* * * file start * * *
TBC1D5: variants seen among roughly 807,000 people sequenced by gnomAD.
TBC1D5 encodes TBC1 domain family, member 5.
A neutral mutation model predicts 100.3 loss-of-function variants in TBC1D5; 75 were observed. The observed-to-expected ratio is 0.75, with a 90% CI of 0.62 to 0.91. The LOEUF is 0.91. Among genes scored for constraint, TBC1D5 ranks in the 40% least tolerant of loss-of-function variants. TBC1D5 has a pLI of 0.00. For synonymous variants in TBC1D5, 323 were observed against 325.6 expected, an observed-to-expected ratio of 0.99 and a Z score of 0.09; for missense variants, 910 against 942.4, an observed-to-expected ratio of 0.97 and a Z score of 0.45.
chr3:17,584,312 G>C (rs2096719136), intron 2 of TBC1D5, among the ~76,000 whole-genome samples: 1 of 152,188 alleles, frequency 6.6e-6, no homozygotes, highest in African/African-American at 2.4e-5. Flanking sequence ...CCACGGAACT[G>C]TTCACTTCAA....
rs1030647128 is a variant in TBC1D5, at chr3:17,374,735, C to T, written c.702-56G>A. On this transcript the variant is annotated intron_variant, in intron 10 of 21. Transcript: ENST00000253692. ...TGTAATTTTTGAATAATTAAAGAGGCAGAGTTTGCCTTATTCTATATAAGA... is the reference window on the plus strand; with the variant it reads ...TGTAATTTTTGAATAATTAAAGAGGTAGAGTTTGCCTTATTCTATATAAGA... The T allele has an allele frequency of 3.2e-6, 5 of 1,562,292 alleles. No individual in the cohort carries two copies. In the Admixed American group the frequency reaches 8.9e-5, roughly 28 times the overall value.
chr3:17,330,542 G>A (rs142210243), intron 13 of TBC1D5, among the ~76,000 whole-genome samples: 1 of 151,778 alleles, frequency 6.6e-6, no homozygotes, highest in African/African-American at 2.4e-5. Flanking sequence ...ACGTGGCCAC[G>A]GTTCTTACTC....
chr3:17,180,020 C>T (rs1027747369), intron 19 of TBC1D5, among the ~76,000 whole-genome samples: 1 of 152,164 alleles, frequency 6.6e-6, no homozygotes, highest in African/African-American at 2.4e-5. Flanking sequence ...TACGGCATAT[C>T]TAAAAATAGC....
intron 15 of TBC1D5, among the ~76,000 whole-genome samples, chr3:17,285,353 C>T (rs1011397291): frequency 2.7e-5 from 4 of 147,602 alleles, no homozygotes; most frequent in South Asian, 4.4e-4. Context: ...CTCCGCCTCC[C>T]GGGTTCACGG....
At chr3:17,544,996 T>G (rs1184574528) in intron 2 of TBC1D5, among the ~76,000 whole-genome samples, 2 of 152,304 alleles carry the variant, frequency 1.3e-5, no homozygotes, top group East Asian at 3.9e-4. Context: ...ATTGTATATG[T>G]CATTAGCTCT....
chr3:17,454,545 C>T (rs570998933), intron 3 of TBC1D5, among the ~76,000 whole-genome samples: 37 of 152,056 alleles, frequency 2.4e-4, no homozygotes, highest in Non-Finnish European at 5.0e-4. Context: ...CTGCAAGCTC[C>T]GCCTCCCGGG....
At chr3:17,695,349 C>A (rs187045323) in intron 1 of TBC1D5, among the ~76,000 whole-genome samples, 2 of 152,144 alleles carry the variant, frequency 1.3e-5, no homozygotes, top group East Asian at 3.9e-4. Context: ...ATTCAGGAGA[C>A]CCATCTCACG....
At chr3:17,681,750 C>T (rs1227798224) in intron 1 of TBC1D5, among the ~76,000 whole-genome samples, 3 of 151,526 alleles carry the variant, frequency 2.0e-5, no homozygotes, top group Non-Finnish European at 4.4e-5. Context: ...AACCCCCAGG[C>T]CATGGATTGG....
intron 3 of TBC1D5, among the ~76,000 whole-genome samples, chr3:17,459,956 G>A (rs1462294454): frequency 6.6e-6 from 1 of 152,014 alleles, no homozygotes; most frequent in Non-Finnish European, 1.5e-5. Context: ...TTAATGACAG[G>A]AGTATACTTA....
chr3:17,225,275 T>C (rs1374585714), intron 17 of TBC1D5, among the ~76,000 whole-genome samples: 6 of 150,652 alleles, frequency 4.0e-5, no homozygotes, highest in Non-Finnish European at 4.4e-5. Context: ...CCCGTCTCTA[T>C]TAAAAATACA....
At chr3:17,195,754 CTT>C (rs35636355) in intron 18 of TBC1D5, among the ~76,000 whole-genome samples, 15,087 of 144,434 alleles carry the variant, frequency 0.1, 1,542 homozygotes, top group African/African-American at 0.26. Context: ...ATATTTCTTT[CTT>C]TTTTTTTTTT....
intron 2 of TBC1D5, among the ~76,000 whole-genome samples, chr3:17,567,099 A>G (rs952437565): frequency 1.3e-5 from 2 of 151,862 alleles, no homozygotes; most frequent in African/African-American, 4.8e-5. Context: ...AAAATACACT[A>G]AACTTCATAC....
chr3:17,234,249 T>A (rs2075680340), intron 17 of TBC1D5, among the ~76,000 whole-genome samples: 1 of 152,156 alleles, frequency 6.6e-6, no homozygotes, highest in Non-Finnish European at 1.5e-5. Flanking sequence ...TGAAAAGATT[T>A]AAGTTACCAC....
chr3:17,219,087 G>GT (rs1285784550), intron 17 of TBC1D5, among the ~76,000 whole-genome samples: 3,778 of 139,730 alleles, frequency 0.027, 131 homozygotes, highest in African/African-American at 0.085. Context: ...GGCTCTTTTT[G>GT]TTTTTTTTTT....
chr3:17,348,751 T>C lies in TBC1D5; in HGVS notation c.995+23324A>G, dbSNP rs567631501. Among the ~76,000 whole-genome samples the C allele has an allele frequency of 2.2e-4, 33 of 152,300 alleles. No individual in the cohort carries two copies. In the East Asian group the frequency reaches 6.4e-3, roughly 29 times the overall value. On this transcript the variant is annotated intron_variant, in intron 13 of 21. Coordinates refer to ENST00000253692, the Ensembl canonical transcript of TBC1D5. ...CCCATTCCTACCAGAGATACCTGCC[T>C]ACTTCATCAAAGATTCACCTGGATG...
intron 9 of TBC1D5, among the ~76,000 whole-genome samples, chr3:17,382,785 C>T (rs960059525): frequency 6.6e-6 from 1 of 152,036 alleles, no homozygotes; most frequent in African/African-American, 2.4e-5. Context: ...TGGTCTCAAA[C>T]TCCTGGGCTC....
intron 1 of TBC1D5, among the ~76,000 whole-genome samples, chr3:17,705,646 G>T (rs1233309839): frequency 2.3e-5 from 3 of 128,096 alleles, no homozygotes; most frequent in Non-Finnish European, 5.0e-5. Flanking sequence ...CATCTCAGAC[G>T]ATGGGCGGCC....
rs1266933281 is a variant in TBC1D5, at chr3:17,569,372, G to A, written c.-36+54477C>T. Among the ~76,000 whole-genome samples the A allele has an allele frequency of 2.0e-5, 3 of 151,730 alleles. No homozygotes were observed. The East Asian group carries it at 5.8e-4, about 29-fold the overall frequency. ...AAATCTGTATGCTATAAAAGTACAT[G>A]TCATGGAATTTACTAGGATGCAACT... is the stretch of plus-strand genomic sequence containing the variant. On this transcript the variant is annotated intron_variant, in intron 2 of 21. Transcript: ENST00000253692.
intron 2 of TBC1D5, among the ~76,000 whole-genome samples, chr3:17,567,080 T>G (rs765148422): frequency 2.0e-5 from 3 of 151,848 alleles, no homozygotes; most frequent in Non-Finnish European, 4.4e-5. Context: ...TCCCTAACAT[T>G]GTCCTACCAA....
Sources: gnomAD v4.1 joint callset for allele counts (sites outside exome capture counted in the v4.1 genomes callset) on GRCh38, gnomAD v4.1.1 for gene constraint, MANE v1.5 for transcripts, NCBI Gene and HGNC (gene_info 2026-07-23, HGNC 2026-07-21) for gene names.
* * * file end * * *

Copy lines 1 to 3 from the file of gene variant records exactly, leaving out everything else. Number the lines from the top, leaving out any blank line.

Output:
TBC1D5: variants seen among roughly 807,000 people sequenced by gnomAD.
TBC1D5 encodes TBC1 domain family, member 5.
A neutral mutation model predicts 100.3 loss-of-function variants in TBC1D5; 75 were observed. The observed-to-expected ratio is 0.75, with a 90% CI of 0.62 to 0.91. The LOEUF is 0.91. Among genes scored for constraint, TBC1D5 ranks in the 40% least tolerant of loss-of-function variants. TBC1D5 has a pLI of 0.00. For synonymous variants in TBC1D5, 323 were observed against 325.6 expected, an observed-to-expected ratio of 0.99 and a Z score of 0.09; for missense variants, 910 against 942.4, an observed-to-expected ratio of 0.97 and a Z score of 0.45.